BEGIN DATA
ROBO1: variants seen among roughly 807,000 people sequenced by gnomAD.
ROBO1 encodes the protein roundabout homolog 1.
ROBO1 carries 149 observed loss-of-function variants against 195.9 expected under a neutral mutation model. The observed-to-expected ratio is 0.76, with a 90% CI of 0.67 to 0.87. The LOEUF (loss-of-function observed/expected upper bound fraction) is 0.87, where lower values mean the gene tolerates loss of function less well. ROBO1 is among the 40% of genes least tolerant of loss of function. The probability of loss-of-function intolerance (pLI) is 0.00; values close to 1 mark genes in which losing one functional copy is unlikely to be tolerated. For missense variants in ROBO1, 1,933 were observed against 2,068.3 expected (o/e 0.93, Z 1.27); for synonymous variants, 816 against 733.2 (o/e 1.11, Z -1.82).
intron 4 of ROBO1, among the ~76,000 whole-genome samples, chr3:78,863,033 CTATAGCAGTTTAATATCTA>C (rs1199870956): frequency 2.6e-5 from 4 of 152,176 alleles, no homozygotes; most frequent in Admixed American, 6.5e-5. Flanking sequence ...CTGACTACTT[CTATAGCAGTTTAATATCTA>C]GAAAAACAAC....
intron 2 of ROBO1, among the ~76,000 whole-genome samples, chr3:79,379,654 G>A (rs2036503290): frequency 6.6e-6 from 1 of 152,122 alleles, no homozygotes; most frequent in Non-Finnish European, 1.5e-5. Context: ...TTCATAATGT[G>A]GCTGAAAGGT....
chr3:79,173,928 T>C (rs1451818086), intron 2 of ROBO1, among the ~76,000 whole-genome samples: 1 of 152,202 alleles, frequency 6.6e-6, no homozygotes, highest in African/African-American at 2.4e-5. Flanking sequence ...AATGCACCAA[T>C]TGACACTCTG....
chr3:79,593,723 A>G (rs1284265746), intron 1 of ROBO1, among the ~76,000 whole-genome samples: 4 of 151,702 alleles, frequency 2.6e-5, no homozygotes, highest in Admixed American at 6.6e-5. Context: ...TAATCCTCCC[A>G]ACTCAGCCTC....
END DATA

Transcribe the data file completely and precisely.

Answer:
ROBO1: variants seen among roughly 807,000 people sequenced by gnomAD.
ROBO1 encodes the protein roundabout homolog 1.
ROBO1 carries 149 observed loss-of-function variants against 195.9 expected under a neutral mutation model. The observed-to-expected ratio is 0.76, with a 90% CI of 0.67 to 0.87. The LOEUF (loss-of-function observed/expected upper bound fraction) is 0.87, where lower values mean the gene tolerates loss of function less well. ROBO1 is among the 40% of genes least tolerant of loss of function. The probability of loss-of-function intolerance (pLI) is 0.00; values close to 1 mark genes in which losing one functional copy is unlikely to be tolerated. For missense variants in ROBO1, 1,933 were observed against 2,068.3 expected (o/e 0.93, Z 1.27); for synonymous variants, 816 against 733.2 (o/e 1.11, Z -1.82).
intron 4 of ROBO1, among the ~76,000 whole-genome samples, chr3:78,863,033 CTATAGCAGTTTAATATCTA>C (rs1199870956): frequency 2.6e-5 from 4 of 152,176 alleles, no homozygotes; most frequent in Admixed American, 6.5e-5. Flanking sequence ...CTGACTACTT[CTATAGCAGTTTAATATCTA>C]GAAAAACAAC....
intron 2 of ROBO1, among the ~76,000 whole-genome samples, chr3:79,379,654 G>A (rs2036503290): frequency 6.6e-6 from 1 of 152,122 alleles, no homozygotes; most frequent in Non-Finnish European, 1.5e-5. Context: ...TTCATAATGT[G>A]GCTGAAAGGT....
chr3:79,173,928 T>C (rs1451818086), intron 2 of ROBO1, among the ~76,000 whole-genome samples: 1 of 152,202 alleles, frequency 6.6e-6, no homozygotes, highest in African/African-American at 2.4e-5. Flanking sequence ...AATGCACCAA[T>C]TGACACTCTG....
chr3:79,593,723 A>G (rs1284265746), intron 1 of ROBO1, among the ~76,000 whole-genome samples: 4 of 151,702 alleles, frequency 2.6e-5, no homozygotes, highest in Admixed American at 6.6e-5. Context: ...TAATCCTCCC[A>G]ACTCAGCCTC....